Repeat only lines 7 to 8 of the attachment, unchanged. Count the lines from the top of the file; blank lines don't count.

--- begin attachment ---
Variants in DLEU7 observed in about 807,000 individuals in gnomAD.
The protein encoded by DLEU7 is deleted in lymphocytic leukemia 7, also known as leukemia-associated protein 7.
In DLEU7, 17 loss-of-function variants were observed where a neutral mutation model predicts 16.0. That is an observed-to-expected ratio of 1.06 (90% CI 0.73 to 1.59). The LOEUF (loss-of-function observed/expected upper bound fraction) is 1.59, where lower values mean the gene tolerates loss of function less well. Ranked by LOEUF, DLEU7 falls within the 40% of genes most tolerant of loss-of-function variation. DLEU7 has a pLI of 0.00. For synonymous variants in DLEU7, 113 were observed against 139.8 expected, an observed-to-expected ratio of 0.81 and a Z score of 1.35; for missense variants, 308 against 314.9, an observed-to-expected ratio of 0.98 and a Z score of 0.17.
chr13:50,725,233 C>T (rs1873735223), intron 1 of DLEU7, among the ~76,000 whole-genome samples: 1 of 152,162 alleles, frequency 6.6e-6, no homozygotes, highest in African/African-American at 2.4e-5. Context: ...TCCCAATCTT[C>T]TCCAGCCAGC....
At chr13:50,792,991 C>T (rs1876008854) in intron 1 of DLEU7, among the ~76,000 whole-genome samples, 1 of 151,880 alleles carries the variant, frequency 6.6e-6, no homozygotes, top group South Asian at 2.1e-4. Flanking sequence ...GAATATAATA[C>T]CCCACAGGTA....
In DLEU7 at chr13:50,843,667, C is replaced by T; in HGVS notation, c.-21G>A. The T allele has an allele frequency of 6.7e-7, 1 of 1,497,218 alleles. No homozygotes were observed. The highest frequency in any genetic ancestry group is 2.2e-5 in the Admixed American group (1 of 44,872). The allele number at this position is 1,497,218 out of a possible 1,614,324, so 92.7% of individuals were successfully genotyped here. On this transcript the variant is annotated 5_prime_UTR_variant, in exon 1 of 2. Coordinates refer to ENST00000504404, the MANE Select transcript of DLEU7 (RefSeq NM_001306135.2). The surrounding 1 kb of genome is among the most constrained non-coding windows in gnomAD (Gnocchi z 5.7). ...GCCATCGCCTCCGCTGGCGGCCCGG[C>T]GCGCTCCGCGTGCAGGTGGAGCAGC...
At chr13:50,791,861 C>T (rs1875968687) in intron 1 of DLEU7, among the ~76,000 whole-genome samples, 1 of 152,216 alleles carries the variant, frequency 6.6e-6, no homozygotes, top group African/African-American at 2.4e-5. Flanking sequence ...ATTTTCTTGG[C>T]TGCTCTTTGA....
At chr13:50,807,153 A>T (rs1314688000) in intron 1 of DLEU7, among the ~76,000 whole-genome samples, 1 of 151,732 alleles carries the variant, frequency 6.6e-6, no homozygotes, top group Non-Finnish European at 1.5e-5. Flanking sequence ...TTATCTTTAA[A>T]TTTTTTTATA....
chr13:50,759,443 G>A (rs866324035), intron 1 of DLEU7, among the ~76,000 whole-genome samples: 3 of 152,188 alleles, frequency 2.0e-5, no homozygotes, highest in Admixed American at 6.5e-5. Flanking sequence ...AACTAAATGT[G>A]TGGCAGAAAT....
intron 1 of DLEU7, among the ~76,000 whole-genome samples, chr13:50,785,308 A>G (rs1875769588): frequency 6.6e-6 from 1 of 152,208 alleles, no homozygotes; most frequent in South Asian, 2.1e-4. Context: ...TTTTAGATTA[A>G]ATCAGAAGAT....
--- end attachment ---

At chr13:50,791,861 C>T (rs1875968687) in intron 1 of DLEU7, among the ~76,000 whole-genome samples, 1 of 152,216 alleles carries the variant, frequency 6.6e-6, no homozygotes, top group African/African-American at 2.4e-5. Flanking sequence ...ATTTTCTTGG[C>T]TGCTCTTTGA....
At chr13:50,807,153 A>T (rs1314688000) in intron 1 of DLEU7, among the ~76,000 whole-genome samples, 1 of 151,732 alleles carries the variant, frequency 6.6e-6, no homozygotes, top group Non-Finnish European at 1.5e-5. Flanking sequence ...TTATCTTTAA[A>T]TTTTTTTATA....